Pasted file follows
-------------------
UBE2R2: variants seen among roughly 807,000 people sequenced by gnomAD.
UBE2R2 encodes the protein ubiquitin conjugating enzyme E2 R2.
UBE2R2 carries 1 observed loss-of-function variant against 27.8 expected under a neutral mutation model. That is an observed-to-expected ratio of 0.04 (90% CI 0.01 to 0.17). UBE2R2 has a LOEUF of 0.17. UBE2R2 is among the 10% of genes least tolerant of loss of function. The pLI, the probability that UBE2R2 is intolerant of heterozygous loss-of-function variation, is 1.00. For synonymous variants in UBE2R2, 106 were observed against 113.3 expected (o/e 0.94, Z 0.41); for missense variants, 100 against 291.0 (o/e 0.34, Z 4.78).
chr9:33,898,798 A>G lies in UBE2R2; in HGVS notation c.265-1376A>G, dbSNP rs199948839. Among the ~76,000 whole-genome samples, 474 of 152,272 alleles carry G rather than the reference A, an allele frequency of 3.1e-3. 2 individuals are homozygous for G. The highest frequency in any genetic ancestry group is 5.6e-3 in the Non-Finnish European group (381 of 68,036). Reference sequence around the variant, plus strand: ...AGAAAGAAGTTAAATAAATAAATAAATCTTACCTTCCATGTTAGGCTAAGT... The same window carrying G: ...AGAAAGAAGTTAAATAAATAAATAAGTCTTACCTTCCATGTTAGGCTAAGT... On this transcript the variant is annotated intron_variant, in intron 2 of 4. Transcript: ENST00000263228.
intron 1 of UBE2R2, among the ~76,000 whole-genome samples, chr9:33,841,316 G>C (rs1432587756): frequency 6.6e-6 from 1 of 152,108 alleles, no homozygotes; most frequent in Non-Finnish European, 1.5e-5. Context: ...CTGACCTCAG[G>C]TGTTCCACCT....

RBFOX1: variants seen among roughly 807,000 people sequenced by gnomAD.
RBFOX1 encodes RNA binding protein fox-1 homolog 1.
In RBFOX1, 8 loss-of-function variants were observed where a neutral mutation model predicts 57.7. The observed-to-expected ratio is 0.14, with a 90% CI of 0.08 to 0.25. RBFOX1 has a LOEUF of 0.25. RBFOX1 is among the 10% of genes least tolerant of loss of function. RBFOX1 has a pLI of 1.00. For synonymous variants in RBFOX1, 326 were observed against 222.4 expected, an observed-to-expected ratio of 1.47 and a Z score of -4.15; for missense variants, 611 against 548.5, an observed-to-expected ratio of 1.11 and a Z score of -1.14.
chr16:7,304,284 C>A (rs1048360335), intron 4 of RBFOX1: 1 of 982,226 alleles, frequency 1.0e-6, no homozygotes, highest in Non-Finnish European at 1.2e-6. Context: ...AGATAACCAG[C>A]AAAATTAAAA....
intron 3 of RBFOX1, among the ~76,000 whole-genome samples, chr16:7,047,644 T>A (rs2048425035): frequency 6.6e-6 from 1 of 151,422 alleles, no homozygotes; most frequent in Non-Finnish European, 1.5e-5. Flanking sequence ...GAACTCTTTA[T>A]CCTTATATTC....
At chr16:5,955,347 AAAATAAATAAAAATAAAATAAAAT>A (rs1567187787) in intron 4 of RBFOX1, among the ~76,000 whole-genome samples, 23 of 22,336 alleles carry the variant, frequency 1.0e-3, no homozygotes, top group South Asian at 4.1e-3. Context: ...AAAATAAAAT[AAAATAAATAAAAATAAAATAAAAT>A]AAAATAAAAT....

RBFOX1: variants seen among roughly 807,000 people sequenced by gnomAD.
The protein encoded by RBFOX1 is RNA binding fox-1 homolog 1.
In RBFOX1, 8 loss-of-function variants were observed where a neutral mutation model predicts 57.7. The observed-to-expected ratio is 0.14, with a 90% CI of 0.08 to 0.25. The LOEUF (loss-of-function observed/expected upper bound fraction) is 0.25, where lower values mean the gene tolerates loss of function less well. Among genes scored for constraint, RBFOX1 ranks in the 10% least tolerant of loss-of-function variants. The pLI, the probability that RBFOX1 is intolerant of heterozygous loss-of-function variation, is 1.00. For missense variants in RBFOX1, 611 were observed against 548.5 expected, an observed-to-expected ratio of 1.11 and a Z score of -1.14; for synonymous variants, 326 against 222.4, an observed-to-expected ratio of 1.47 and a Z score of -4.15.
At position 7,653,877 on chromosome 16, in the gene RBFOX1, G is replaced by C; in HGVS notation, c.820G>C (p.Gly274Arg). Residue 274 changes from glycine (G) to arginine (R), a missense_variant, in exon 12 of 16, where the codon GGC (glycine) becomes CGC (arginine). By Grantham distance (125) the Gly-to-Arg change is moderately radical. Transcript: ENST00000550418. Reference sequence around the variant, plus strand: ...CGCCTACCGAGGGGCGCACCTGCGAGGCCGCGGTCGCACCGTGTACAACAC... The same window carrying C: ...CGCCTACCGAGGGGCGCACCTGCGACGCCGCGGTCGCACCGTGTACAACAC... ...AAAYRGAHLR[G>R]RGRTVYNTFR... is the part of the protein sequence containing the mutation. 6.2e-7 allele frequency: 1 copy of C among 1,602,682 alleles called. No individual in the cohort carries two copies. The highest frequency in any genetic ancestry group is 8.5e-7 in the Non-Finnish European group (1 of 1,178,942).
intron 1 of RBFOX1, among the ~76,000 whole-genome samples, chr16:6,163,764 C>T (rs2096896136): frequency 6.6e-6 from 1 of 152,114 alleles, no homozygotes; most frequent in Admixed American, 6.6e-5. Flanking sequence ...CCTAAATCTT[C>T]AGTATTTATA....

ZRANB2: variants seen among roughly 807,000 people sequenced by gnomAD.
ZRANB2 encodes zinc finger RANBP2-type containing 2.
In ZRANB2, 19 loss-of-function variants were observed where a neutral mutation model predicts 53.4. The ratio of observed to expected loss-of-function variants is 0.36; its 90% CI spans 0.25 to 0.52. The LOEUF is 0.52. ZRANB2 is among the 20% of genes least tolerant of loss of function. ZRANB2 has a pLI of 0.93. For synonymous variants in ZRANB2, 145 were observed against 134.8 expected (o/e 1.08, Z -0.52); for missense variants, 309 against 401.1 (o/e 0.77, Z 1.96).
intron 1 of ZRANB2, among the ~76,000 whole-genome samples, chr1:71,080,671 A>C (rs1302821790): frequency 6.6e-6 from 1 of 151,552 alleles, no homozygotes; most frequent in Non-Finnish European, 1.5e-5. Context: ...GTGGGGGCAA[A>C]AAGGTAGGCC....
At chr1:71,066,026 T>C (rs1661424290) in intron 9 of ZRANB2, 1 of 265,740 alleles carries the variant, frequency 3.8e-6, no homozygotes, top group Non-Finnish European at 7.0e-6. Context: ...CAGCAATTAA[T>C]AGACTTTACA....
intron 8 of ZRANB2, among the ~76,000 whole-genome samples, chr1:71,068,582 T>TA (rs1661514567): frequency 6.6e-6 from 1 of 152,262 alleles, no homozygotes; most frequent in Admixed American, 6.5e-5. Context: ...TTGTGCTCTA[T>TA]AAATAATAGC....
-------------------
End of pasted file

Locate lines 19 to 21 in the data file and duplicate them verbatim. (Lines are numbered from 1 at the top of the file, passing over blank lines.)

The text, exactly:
In ZRANB2, 19 loss-of-function variants were observed where a neutral mutation model predicts 53.4. The ratio of observed to expected loss-of-function variants is 0.36; its 90% CI spans 0.25 to 0.52. The LOEUF is 0.52. ZRANB2 is among the 20% of genes least tolerant of loss of function. ZRANB2 has a pLI of 0.93. For synonymous variants in ZRANB2, 145 were observed against 134.8 expected (o/e 1.08, Z -0.52); for missense variants, 309 against 401.1 (o/e 0.77, Z 1.96).
intron 1 of ZRANB2, among the ~76,000 whole-genome samples, chr1:71,080,671 A>C (rs1302821790): frequency 6.6e-6 from 1 of 151,552 alleles, no homozygotes; most frequent in Non-Finnish European, 1.5e-5. Context: ...GTGGGGGCAA[A>C]AAGGTAGGCC....
At chr1:71,066,026 T>C (rs1661424290) in intron 9 of ZRANB2, 1 of 265,740 alleles carries the variant, frequency 3.8e-6, no homozygotes, top group Non-Finnish European at 7.0e-6. Context: ...CAGCAATTAA[T>C]AGACTTTACA....